The book-equivalent of a low-budget action movie, Hunted Hunters provides nonstop excitement while eschewing much depth or nuance.
M.G. Marzen’s story follows the good guys—photographer Mick Swift and his girlfriend, investigative reporter Marie Sweet—as they track down a story about a phony animal rescue shelter that appears to be a front for a big-game trophy hunters’ killing grounds. But that’s not all that’s going on behind the heavily guarded gates of the supposed sanctuary. Soon, Mick and Marie find themselves on the much more nefarious trail of a band of sociopathic narcissists high on their own power. The “Great White Hunters” behind the fake shelter haven’t stopped with killing animals. They’re also creating powerful, mind-manipulating drugs, and will let nothing—human or animal—stand in their way. These bad guys are bad guys through and through.
The lightly sketched characters and loosely connected plot points in Marzen’s sophomore effort play second fiddle to the main event: action, action, and more action. Readers looking for lyrical turns of phrase won’t make it too far into Marzen’s testosterone-fueled world. But if you’re in it more for the hang gliders, helicopters and Humvees, hang on for the ride.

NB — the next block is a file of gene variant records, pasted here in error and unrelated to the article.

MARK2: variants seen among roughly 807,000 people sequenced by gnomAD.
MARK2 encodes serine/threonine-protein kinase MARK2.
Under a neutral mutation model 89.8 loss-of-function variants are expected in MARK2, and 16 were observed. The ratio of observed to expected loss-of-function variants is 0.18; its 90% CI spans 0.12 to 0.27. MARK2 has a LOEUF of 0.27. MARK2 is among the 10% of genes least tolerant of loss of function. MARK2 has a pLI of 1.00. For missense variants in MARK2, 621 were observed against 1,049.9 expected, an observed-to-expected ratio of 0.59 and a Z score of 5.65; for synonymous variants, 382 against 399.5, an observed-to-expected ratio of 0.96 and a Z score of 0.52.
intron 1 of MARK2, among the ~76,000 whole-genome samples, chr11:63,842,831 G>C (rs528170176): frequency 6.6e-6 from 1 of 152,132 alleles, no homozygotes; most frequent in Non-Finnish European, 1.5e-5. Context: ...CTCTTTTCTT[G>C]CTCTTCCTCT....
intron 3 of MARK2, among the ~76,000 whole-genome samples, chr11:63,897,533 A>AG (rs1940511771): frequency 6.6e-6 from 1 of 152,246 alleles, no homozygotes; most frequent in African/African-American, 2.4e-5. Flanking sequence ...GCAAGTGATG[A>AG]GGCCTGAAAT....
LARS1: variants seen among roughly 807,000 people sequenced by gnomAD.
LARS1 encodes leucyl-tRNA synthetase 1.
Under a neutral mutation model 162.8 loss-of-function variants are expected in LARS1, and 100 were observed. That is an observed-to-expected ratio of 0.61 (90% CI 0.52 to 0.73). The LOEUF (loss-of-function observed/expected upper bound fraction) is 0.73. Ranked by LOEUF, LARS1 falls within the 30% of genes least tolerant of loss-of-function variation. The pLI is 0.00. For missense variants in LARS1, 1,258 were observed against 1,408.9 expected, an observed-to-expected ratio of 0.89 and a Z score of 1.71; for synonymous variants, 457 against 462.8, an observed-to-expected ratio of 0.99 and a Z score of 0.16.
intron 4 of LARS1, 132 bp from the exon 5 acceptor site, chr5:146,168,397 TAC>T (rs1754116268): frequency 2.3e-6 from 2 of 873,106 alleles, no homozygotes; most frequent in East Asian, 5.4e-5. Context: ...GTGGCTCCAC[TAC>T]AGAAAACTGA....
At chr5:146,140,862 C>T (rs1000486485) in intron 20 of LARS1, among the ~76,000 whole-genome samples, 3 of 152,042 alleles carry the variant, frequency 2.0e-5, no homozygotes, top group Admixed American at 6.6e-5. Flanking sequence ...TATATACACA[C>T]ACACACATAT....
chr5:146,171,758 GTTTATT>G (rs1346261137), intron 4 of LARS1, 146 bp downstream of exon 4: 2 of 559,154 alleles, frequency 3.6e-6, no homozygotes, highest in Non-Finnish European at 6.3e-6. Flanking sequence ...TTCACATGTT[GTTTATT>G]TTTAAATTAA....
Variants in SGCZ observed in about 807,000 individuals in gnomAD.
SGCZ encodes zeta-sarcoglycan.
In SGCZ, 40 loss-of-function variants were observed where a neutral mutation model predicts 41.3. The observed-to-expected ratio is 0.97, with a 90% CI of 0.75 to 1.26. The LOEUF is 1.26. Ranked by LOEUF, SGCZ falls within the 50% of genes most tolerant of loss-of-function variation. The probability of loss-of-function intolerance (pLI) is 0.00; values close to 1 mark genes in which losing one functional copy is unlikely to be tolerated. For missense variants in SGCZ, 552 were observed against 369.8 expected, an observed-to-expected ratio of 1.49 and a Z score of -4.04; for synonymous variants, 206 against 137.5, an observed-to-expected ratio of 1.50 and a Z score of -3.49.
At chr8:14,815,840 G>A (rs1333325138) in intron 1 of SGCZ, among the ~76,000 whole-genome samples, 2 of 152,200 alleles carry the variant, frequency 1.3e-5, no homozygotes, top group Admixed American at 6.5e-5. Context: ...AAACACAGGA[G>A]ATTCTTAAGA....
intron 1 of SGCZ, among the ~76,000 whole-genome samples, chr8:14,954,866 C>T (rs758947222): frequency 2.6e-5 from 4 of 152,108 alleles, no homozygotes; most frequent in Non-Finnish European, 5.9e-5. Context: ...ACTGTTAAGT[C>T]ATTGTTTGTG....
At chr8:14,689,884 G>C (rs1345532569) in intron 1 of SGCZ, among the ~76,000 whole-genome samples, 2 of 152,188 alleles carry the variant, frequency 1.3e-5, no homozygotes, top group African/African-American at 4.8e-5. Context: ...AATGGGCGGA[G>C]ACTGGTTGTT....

Marzen weaves some deeper themes into his story, with frequent speeches by Mick on Constitutional rights, but these feel more like asides than integral parts of the story. Distracting, too, are the grammar, word choice, and punctuation problems scattered throughout the text. Homonyms present a particular problem, creating unclear meaning and leaving the reader to puzzle out whether Marzen meant “accept” when he wrote “except.”
Go into Hunted Hunters expecting highbrow literature, and you’ll be disappointed. Approach it like a Grade B movie, where good and evil clash and you never doubt that good will win, and you may find some entertainment value.
Also available in hardcover and ebook.